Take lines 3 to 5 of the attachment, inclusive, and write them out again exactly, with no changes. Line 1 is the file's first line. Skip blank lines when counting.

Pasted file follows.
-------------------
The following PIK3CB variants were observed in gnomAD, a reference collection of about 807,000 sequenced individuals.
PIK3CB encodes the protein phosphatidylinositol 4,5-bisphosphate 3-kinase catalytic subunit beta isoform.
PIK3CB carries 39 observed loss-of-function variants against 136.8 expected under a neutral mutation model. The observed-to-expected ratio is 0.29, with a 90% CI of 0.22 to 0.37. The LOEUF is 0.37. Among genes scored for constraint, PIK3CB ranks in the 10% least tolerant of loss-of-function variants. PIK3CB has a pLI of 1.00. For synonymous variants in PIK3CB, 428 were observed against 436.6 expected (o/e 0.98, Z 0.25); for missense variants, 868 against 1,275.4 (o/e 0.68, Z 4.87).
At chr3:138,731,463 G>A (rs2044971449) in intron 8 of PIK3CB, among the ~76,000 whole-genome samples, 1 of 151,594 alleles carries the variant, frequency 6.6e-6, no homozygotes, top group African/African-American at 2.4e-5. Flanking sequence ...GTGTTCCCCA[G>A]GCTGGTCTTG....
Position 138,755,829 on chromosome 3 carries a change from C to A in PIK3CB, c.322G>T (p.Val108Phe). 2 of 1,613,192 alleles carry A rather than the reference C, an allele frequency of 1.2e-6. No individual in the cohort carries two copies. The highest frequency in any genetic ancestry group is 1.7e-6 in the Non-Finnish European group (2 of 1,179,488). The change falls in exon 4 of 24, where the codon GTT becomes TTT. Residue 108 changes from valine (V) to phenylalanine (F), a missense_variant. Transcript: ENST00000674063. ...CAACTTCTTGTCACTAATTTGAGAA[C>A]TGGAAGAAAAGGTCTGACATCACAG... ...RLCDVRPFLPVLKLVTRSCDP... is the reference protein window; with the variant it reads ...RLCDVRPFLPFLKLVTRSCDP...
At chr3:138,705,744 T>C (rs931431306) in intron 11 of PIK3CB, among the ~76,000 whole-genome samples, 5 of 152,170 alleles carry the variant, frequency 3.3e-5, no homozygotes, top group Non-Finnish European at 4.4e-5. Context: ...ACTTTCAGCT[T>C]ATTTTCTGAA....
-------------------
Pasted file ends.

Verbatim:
PIK3CB carries 39 observed loss-of-function variants against 136.8 expected under a neutral mutation model. The observed-to-expected ratio is 0.29, with a 90% CI of 0.22 to 0.37. The LOEUF is 0.37. Among genes scored for constraint, PIK3CB ranks in the 10% least tolerant of loss-of-function variants. PIK3CB has a pLI of 1.00. For synonymous variants in PIK3CB, 428 were observed against 436.6 expected (o/e 0.98, Z 0.25); for missense variants, 868 against 1,275.4 (o/e 0.68, Z 4.87).
At chr3:138,731,463 G>A (rs2044971449) in intron 8 of PIK3CB, among the ~76,000 whole-genome samples, 1 of 151,594 alleles carries the variant, frequency 6.6e-6, no homozygotes, top group African/African-American at 2.4e-5. Flanking sequence ...GTGTTCCCCA[G>A]GCTGGTCTTG....
Position 138,755,829 on chromosome 3 carries a change from C to A in PIK3CB, c.322G>T (p.Val108Phe). 2 of 1,613,192 alleles carry A rather than the reference C, an allele frequency of 1.2e-6. No individual in the cohort carries two copies. The highest frequency in any genetic ancestry group is 1.7e-6 in the Non-Finnish European group (2 of 1,179,488). The change falls in exon 4 of 24, where the codon GTT becomes TTT. Residue 108 changes from valine (V) to phenylalanine (F), a missense_variant. Transcript: ENST00000674063. ...CAACTTCTTGTCACTAATTTGAGAA[C>A]TGGAAGAAAAGGTCTGACATCACAG... ...RLCDVRPFLPVLKLVTRSCDP... is the reference protein window; with the variant it reads ...RLCDVRPFLPFLKLVTRSCDP...